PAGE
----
{¶ 15} The trial court took five months to rule on Ford's motion to sever.   It was unreasonable to toll Ford's speedy-trial time for five months for this motion.   The trial court stated that the time had been tolled because Ford had failed to petition the court to rule on the motion.   But parties should not have to petition for a ruling on a motion-filing a motion suggests that a ruling is desired.   The trial court left this motion pending for far too long.   Furthermore, this was hardly the type of motion that would have necessitated a delay of five months.    But even if the trial court had taken a reasonable amount of time to rule on the motion to sever-30 days or even 60 days-Ford would have still served well over 90 days in jail while awaiting his August 6 trial.

{¶ 16} For the foregoing reasons, we affirm the dismissal of Ford's drug-possession and trafficking charges, but we reverse his conviction on the gun charge.   Because the gun charge should also have been dismissed, we discharge Ford from further prosecution for that offense.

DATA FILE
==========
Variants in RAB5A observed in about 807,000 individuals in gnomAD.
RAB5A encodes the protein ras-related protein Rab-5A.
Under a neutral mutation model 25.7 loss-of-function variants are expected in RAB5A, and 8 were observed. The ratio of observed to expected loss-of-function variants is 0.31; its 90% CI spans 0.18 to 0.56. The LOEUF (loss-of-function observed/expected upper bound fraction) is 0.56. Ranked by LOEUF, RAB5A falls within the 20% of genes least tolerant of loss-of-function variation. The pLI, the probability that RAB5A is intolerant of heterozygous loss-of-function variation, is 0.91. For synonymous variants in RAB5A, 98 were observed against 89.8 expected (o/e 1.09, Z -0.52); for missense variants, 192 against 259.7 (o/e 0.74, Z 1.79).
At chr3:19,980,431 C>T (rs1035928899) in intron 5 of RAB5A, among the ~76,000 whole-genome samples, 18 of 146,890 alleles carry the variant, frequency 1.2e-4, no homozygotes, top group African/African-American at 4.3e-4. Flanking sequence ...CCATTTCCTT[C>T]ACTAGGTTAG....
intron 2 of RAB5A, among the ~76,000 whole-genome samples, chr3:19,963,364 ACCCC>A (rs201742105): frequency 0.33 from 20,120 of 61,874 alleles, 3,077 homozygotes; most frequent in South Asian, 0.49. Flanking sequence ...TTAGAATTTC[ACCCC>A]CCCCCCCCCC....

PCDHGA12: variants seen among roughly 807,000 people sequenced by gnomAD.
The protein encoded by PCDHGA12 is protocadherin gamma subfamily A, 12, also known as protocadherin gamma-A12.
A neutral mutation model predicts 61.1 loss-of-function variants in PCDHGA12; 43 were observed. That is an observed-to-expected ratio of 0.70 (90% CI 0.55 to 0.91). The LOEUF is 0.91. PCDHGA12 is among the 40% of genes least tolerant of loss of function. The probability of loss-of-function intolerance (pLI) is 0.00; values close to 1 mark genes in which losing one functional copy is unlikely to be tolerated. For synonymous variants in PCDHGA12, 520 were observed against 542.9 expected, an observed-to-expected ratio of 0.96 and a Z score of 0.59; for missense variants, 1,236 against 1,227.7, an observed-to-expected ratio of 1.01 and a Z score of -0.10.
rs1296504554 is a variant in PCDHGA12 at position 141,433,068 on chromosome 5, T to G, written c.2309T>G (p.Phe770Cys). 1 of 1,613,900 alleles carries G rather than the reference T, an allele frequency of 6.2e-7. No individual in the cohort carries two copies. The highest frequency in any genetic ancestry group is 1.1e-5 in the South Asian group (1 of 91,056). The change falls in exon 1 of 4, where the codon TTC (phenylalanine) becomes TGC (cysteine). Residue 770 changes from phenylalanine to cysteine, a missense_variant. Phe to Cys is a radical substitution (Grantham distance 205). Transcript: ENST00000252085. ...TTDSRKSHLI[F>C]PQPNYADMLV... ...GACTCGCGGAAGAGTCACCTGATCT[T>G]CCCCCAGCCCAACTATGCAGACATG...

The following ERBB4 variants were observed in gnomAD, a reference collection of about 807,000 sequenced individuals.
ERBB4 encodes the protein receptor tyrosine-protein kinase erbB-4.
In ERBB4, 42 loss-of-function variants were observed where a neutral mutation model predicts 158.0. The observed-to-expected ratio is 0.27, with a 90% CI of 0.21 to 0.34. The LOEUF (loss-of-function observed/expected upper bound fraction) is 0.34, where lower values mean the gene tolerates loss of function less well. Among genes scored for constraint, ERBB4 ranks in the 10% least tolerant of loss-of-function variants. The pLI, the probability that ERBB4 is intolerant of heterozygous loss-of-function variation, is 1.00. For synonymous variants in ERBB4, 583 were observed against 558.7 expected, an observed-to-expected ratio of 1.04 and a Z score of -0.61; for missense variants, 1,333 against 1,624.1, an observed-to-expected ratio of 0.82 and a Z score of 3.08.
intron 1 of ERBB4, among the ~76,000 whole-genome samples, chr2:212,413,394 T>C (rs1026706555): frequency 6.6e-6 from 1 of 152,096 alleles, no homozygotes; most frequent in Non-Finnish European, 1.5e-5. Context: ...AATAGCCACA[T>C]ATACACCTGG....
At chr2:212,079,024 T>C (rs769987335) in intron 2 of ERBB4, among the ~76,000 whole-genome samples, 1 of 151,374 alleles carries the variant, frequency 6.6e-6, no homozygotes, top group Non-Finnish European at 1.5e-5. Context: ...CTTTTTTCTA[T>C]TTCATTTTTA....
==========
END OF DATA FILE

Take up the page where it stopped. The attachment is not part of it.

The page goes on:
Judgment accordingly.


1.   State v. Zaken, 11th Dist. No. 2006-A-0036, 2007-Ohio-2306, 2007 WL 1395545, at ¶ 23;  State v. Peek, 9th Dist. Nos. 06CA0054 and 06CA0057, 2007-Ohio-2674, 2007 WL 1583998, at ¶ 7.

2.   R.C. 2925.03(A)(2).

3.   R.C. 2925.11(A).

4.   R.C. 2925.11(A).

5.   R.C. 2923.13(A)(2).

6.   State v. Brown, 98 Ohio St.3d 121, 2002-Ohio-7040, 781 N.E.2d 159, syllabus.

7.   112 Ohio St.3d 457, 2007-Ohio-374, 860 N.E.2d 1011, paragraph one of the syllabus.

8.   Id. at paragraph three of the syllabus.

9.   R.C. 2923.13(A)(2).


SUNDERMANN, P.J. and HENDON, J., concur.

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STATE v. FORD (2009)

Docket No: Nos. C-070560, C-070571.

Decided: January 16, 2009

Court: Court of Appeals of Ohio,First District, Hamilton County.